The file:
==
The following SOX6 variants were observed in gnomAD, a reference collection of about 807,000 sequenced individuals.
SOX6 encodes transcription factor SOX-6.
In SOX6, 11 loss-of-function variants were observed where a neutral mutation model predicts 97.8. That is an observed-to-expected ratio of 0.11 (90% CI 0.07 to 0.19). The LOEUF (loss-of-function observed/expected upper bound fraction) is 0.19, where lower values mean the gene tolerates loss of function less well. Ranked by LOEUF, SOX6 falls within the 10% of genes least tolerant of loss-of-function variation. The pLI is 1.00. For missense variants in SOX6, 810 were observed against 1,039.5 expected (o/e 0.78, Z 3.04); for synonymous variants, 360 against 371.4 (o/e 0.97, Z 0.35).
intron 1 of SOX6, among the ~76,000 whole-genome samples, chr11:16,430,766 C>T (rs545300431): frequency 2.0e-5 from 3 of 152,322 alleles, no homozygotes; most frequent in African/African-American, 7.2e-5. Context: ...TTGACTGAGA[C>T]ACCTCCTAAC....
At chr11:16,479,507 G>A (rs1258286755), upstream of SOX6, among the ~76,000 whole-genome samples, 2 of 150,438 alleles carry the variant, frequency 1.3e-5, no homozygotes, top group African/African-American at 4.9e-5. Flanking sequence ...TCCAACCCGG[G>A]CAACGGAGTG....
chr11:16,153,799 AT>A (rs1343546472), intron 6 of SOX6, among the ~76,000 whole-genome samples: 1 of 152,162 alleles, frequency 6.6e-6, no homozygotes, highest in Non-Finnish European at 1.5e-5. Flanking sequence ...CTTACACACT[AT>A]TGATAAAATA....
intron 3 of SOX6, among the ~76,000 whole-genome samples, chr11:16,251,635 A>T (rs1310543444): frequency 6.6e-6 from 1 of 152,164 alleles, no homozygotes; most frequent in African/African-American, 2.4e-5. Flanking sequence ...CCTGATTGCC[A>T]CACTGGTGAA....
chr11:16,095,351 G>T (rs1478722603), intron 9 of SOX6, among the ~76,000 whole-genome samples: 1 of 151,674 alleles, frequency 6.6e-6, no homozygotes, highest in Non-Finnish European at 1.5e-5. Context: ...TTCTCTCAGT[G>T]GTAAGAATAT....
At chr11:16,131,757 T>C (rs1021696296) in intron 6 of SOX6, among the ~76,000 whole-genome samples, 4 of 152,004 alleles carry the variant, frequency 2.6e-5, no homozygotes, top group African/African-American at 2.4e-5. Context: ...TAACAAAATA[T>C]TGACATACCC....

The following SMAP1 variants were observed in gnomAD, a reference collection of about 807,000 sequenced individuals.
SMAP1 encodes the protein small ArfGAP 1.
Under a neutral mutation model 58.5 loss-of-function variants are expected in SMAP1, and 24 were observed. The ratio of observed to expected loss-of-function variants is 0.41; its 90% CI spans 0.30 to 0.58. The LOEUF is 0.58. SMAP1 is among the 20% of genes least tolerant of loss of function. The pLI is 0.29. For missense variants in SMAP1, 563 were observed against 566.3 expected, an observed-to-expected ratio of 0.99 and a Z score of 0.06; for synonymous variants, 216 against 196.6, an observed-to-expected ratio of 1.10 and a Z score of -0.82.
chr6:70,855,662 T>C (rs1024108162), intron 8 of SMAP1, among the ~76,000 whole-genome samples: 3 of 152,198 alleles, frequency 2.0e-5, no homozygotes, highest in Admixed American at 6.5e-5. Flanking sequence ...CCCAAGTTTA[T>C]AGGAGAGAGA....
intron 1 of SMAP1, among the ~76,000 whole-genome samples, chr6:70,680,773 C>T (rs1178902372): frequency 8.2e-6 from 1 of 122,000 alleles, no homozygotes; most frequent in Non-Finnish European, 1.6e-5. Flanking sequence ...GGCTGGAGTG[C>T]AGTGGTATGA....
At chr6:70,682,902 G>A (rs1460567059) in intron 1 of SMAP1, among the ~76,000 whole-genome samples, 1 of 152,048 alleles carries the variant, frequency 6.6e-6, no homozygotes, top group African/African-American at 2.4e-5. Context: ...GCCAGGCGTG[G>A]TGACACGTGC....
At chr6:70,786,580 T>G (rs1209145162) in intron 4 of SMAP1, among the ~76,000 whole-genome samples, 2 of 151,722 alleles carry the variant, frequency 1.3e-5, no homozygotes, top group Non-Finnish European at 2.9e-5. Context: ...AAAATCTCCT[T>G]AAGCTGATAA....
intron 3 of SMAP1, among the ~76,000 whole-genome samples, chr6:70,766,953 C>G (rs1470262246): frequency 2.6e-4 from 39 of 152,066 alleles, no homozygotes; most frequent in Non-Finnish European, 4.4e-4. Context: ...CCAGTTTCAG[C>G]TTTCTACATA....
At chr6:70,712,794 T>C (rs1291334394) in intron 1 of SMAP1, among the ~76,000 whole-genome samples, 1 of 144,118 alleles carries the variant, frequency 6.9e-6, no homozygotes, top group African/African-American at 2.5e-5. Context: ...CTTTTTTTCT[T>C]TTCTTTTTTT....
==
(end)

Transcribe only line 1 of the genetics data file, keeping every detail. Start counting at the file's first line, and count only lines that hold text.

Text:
The following SOX6 variants were observed in gnomAD, a reference collection of about 807,000 sequenced individuals.